Fleet News

Speeders likely to lose licence

The Government is planning to double the number of penalty points issued to speeding motorists, meaning drivers could lose their licence after two offences.

The Department for Transport (DfT) has confirmed that a consultation looking to create a sliding scale for offences will begin before Christmas.

In a 2004 discussion paper the Department suggested upping the punishment for those driving excessively over the limit.

The paper proposed a six point, £100 fine for drivers travelling at 45mph in a 30mph zone, 57mph in a 40mph zone and so on.

The Department hopes to confirm these new measures during the consultation process, as well as discussing lower fines for less serious infringements.

A spokesman said: “We do want to hit serious offenders here and we’re trying to make things a bit clearer for drivers.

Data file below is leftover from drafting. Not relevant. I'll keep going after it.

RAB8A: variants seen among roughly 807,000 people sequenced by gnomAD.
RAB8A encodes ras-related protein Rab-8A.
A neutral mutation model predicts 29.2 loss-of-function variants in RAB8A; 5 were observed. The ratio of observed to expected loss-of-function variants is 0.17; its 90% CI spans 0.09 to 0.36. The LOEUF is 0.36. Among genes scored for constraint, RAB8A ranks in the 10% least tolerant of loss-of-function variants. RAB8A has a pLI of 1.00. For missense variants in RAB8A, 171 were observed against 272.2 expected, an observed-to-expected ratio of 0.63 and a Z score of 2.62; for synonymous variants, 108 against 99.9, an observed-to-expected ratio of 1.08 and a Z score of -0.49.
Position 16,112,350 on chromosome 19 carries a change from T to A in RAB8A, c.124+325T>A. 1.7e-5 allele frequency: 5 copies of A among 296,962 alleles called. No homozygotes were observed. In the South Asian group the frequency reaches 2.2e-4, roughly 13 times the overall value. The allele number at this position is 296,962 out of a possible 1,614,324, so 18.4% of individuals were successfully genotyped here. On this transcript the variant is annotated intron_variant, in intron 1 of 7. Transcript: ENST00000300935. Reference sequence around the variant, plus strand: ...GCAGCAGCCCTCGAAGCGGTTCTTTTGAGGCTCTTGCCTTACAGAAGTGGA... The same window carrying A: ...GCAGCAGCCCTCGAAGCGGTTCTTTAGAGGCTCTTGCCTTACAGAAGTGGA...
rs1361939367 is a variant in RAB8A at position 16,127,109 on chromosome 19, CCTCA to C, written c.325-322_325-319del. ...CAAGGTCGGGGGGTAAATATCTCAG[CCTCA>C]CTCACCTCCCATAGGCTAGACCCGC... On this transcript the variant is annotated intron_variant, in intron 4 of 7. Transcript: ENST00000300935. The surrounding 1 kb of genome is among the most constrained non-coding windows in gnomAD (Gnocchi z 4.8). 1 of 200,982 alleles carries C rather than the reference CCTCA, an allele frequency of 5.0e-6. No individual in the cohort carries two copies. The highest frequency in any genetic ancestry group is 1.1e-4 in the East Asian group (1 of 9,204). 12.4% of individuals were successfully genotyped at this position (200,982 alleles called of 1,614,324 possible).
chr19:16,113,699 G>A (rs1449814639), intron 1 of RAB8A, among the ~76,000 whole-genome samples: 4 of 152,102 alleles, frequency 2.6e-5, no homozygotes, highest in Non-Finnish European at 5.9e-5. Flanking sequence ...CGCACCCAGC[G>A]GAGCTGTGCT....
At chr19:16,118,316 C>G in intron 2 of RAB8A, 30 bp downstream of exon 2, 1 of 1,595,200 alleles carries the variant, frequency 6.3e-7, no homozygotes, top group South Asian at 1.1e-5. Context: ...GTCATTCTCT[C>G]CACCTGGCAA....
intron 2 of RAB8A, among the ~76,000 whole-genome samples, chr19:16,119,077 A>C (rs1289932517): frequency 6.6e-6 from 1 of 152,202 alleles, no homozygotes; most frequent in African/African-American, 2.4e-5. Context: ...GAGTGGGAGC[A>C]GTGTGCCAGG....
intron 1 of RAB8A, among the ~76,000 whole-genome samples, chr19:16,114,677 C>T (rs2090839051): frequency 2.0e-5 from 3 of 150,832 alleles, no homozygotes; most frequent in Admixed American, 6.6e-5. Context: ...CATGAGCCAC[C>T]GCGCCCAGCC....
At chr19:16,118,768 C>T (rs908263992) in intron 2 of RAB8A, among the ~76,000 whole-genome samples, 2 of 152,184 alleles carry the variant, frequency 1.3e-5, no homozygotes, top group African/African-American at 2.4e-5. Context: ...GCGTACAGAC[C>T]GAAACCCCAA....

“The idea is to try and make the punishment fit the crime. We haven’t ruled out giving two points for lower speeds. All this is still being decided.”

Paul Smith, founder of SafeSpeed.org.uk, criticised the proposals saying: “This is just one more dangerous mistake in a catalogue of dangerous mistakes.

“We all know that exceeding the speed limit isn't automatically dangerous,” he said.

However, Cathy Keeler, head of campaigns at road safety charity Brake welcomed the Government’s proposals and called for even greater punishments.

“Fines must act as a deterrent to protect vulnerable road users. A £100 fine still belittles the severity of a crime which can rob someone of their life in seconds,” she said.

Leave a comment for your chance to win £20 of John Lewis vouchers.

Every issue of Fleet News the editor picks his favourite comment from the past two weeks – get involved for your chance to appear in print and win!

Login to comment


No comments have been made yet.

Compare costs of your company cars

Looking to acquire new vehicles? Check how much they'll cost to run with our Car Running Cost calculator.

What is your BIK car tax liability?

The Fleet News car tax calculator lets you work out tax costs for both employer and employee